Swimming with the fishes….and mammals

Swimming with the fishes….and mammals

Snorkeling, actually. We were paired up with some scuba divers who had left the boat to dive and when the crew saw the dolphins they went all out to catch up to the dolphins. We caught up with a pod of 7 Bottle-nose dolphins and immediately jumped in with snorkel, mask and fins. The dolphins were cruising slowly so I was able to keep up with them for about 100-150 yards. Swimming directly under me about 20 feet just above the ocean floor, I saw one of them turn on its side and look right up at me. That was really cool!

Every afternoon a stiff breeze picks up. The kite-boarder above was catching big air.

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Chillaxin’ in Zanzibar

Chillaxin’ in Zanzibar

We had planned on heading east to hike in the Usambara mountains but after reading that it was recommended to bring an armed hiking guide, we got a couple of plane tickets to Zanzibar, spent one more night in Arusha and off we flew. We’ve been using the Lonely Planet guide books and found them to be about 75-80% accurate, but when you’re talking armed guards for hiking, well, it just didn’t seem worth it.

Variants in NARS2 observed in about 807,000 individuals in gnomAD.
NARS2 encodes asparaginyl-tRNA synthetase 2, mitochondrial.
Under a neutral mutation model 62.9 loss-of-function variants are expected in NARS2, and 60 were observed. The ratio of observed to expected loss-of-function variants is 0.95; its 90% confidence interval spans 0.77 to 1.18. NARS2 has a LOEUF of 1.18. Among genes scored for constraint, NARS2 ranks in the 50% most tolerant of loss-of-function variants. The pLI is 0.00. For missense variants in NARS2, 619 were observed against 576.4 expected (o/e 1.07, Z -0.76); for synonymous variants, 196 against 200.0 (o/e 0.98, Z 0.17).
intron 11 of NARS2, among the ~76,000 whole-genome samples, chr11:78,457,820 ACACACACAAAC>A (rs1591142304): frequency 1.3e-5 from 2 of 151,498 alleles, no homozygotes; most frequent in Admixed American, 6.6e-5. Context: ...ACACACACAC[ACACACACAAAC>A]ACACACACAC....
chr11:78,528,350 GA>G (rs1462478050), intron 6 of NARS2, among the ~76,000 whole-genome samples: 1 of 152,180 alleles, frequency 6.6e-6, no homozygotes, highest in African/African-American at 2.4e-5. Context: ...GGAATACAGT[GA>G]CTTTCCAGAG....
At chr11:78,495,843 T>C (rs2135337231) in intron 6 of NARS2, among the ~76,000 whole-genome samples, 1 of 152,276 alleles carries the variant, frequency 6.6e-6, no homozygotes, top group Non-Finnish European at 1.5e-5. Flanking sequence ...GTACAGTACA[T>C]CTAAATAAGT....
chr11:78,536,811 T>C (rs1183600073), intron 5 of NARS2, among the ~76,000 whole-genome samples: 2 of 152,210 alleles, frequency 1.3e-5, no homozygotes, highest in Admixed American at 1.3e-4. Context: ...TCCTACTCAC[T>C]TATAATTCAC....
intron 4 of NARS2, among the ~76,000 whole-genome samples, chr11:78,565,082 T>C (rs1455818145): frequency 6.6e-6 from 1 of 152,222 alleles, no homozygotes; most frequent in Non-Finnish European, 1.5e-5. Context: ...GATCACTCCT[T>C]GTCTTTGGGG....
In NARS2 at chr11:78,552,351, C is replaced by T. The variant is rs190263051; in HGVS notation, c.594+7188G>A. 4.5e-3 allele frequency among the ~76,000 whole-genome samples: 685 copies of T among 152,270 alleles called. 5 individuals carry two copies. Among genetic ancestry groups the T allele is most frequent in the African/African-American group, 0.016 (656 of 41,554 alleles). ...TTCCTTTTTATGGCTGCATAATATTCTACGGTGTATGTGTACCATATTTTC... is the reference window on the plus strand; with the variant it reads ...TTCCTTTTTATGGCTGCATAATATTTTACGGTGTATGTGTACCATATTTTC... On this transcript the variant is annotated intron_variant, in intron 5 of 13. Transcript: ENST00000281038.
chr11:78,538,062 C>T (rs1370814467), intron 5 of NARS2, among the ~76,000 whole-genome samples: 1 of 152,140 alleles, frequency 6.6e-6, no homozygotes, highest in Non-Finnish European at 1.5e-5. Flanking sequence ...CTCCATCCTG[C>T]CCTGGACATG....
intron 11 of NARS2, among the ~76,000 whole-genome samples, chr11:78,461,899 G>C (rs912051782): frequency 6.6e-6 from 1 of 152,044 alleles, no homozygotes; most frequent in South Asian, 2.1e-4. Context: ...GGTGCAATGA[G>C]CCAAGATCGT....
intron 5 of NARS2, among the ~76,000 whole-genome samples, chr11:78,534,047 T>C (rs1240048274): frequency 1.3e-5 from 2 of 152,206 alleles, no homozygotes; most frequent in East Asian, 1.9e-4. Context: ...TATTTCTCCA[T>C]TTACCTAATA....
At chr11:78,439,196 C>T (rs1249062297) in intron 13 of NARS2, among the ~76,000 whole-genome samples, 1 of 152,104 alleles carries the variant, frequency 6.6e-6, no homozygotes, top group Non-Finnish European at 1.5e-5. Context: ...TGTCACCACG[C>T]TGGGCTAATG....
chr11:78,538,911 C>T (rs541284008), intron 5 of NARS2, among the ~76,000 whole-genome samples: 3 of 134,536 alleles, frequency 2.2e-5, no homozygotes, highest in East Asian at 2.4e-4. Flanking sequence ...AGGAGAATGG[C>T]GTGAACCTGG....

Our timing has been impeccable. We left Egypt as the first petitions to oust Morsi were being handed out, we got to Istanbul a few days before the start of a hiatus in the protests, even visiting Taksim square. Then, we left Istanbul a day before the protesters and police clashed again. To top it all off, while sitting in a travel agent’s office in Arusha getting ourplane tickets to Zanzibar, we read about a grenade that had been tossed a month earlier somewhere in Arusha killing 4 people; the FBI were investigating, too, because (Obama had visited Tanzania and) the police are suspects.